American children don't score as well on mathematics tests as their peers in many other parts of the world. Find out how to help your little ones build up their math skills.
Every four years the National Center for Education Statistics conducts the Trends in International Mathematics and Science Study (TIMSS), which compares US fourth and eighth graders to students in other countries. In the 2003 TIMSS study, US fourth graders scored above average on the math test but were 12th overall out of 25, placing behind countries such as Japan, England, and the Russian Federation. American eighth graders also scored above average yet placed 10th of 35 countries participating and were behind such countries as Hungary, Korea, and the Netherlands.
How can we improve these statistics and get our kids to improve their math skills? Start early! Children as young as seven months may already be developing abstract mathematical concepts—much earlier than once thought, according to a recent Duke University study by Kerry Jordan and Elizabeth Brannon published in the February 2006 Proceedings of the National Academy of Sciences.
Wondering how you can help? Take a look at the following list of concepts and activities that are sure to make learning math fun for your toddler—before he even starts school.
Have cutouts of each shape in a variety of sizes. Have the child place the shapes on the correct paper. The child can also glue each shape to the correct paper.
Encourage using the shapes to create both concrete objects (people, trees, cars) and abstract objects (those that do not represent any known object).
The cards serve as a reminder and reference. The adult can list on the back of each shape card what the child finds for the particular shape. Review the list once the game is stopped.
From Beethoven to Van Gogh, your toddler can learn a variety of cognitive and creative skills from the great masterworks.
Two-year-old Junie sticks both fingers in her ears and closes her eyes. Then she makes noises with her tongue. Devon, a three-year-old boy, steps into a puddle and watches mud ooze over his white tennis shoes. Then he jumps. Mud splashes onto his clothes and face. Immature? Yes. However, as these children explore the world around them, they soak up information at an unbelievable rate. Did you know that a child's brain has two times the neural circuits of an adult's brain? Junie discovers new sounds with her experiment, and Devon learns how mud feels and moves. This is exploration; this is creative learning.
"No longer do we consider the first five years of life to be a vast cognitive wasteland during which [the] brain undergoes an arrested development. The neural networks by which all future complex learning will be based are forged during this crucial early period and by a specific series of vitally important brain processes." This excerpt, taken from the article "Early Brain Development and Learning," by Kenneth A. Wesson, Education Consultant for Neuroscience, explains that toddlers and preschoolers are capable of learning more than parents sometimes think possible.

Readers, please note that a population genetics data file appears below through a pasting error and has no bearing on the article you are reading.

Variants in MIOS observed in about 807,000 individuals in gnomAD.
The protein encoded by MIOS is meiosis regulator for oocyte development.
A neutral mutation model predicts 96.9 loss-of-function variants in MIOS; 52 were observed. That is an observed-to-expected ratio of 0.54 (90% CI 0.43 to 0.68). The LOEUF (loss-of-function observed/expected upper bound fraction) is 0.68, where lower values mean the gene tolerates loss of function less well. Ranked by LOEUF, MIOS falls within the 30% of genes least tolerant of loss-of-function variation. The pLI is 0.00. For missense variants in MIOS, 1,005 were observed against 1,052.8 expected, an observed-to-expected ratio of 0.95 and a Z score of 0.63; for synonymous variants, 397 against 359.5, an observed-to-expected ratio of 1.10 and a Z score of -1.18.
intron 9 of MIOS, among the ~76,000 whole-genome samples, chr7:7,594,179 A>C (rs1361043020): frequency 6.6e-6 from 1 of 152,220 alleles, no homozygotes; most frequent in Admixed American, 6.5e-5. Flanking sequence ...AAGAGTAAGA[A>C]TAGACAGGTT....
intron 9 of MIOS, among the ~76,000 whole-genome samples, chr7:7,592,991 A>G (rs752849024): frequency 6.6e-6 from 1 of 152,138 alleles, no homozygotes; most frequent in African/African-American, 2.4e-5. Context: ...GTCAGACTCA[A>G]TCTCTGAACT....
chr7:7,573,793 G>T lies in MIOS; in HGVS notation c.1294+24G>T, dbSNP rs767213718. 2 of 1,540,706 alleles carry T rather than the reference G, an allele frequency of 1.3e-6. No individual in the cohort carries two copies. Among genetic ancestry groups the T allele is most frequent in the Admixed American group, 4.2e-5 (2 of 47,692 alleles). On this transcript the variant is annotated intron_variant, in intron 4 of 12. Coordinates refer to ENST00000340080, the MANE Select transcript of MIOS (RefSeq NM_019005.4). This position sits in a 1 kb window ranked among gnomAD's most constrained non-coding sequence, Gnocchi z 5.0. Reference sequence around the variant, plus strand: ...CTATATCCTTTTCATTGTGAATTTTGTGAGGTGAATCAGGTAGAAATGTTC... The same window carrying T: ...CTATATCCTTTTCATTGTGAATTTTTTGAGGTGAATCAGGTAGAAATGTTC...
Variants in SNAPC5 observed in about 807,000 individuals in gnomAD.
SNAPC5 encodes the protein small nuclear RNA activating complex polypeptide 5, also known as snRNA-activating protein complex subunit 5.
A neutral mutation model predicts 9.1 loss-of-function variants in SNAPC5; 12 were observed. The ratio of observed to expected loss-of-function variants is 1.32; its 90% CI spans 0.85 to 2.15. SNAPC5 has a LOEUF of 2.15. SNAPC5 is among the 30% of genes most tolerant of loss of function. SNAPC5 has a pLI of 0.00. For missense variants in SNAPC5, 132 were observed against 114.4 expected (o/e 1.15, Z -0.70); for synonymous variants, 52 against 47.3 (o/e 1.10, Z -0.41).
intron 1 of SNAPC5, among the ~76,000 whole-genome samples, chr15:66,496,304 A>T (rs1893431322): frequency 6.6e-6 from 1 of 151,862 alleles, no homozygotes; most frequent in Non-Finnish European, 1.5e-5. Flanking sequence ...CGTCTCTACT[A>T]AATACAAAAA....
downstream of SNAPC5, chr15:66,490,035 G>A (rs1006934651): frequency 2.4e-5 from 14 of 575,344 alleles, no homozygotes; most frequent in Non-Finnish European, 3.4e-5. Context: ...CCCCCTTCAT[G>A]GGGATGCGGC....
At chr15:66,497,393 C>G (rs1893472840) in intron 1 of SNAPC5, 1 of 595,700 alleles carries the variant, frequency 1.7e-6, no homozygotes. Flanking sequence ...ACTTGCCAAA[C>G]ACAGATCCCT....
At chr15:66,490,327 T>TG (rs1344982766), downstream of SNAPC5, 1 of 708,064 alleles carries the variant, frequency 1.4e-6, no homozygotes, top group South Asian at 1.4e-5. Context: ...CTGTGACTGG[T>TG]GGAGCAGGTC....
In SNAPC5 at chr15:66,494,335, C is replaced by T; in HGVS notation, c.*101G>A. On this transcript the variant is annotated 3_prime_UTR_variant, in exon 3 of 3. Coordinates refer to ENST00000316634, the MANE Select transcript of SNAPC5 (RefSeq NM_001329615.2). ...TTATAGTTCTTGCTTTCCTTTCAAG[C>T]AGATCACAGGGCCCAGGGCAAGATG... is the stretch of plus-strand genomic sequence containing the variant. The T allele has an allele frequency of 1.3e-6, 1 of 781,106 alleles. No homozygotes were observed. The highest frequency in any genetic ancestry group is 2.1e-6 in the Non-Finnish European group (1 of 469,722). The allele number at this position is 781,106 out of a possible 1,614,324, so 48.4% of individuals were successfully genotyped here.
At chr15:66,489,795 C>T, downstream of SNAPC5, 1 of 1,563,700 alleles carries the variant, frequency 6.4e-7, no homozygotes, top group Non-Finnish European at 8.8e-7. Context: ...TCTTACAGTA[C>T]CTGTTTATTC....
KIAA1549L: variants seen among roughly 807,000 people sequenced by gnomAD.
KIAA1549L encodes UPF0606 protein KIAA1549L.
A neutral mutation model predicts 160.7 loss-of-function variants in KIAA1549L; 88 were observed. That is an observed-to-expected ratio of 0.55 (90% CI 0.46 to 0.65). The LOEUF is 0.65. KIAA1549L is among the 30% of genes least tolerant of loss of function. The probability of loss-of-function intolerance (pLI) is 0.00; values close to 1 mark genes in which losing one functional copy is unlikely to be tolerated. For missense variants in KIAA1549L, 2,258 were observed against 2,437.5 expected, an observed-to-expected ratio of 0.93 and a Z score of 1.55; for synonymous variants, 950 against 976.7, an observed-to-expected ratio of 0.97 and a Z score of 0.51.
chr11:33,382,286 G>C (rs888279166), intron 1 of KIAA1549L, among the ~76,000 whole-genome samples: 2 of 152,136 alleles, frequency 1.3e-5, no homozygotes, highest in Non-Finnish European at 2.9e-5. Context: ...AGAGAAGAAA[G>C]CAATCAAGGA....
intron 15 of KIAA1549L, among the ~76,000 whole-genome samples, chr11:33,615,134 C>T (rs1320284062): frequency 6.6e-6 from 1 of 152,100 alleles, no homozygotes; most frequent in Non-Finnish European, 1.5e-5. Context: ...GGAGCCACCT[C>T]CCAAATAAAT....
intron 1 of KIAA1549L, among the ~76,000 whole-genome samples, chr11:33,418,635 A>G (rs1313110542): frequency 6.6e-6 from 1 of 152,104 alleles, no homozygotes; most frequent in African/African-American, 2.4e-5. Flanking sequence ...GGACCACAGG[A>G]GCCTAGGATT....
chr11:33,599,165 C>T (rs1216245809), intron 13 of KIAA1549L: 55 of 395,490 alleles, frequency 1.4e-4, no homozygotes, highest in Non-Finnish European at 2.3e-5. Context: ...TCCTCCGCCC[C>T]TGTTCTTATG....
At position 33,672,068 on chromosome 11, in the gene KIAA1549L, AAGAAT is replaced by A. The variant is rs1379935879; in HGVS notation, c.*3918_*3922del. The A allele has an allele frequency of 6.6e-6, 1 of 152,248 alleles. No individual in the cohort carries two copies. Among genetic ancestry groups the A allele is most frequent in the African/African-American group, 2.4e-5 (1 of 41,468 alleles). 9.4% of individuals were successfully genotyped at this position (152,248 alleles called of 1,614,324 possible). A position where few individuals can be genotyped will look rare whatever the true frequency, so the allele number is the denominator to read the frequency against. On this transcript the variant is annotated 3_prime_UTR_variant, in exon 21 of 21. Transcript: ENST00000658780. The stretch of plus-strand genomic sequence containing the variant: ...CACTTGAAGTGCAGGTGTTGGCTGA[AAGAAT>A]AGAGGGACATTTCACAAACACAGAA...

The Masters, all those famous artists whose works deck the walls of prestigious museums, and the composers whose music graces the air in theatres around the globe, have much to share with youngsters. If we limit children to modern art depicted in cartoons and picture books, or expose them only to early childhood music with easily memorized lyrics, we withhold the greatest works (and at a crucial time, when our children's brains are most active). The art of Monet, Van Gogh, da Vinci, and the music of Beethoven, Tchaikovsky, and Mozart are not too complex for youngsters.
"[Toddlers] are new to the planet," says Bette Setter, founder of the mobile art education program Young Rembrandts. "They have a big responsibility in decoding everything. Art and art images help children develop in their natural quest for knowledge."
With her students as well as with her own children, Setter notices that exposure to the arts at a young age makes children more aware of details. "They become whole thinkers," she explains. "And they keep the art images for life."
Sarah Herbert, early childhood teacher at The Center of Creative Arts in Missouri, explains that teaching children art and music through the works of the Masters encourages development of many skills. "When they are painting, they're becoming more autonomous." Herbert recognizes How can parents apply works of the Masters to early childhood education?
"The way a child thinks about her art is more important than the way you think about it," says Herbert. "Never impose limitations and never say, 'I'm not good at this.' It introduces fear. Never evaluate a preschooler's music, art, or dance. Make observations from fact. Say, 'there is a red circle,' or 'see these three red lines.' Evaluating may inhibit creativity or discourage a child."
The concept of children understanding art in their own way is not new. Charlotte Mason, a liberal-thinking educator in the late 1800s, wrote in her book Home Education, "We cannot measure the influence that one or another artist has upon the children's sense of beauty, upon his power of seeing, as in a picture, the common sights of life; he is enriched more than we know in having really looked at a single picture."
Parents cannot travel inside their child's brain and ensure that all the educational efforts they make are learned, stored, and applied appropriately. They can be certain, though, that introducing art and music, which have struck emotional chords in humans worldwide for centuries, will enrich an education. The developing mind of a child will soak up whatever it is surrounded with, so why not provide the best history and culture we have to offer?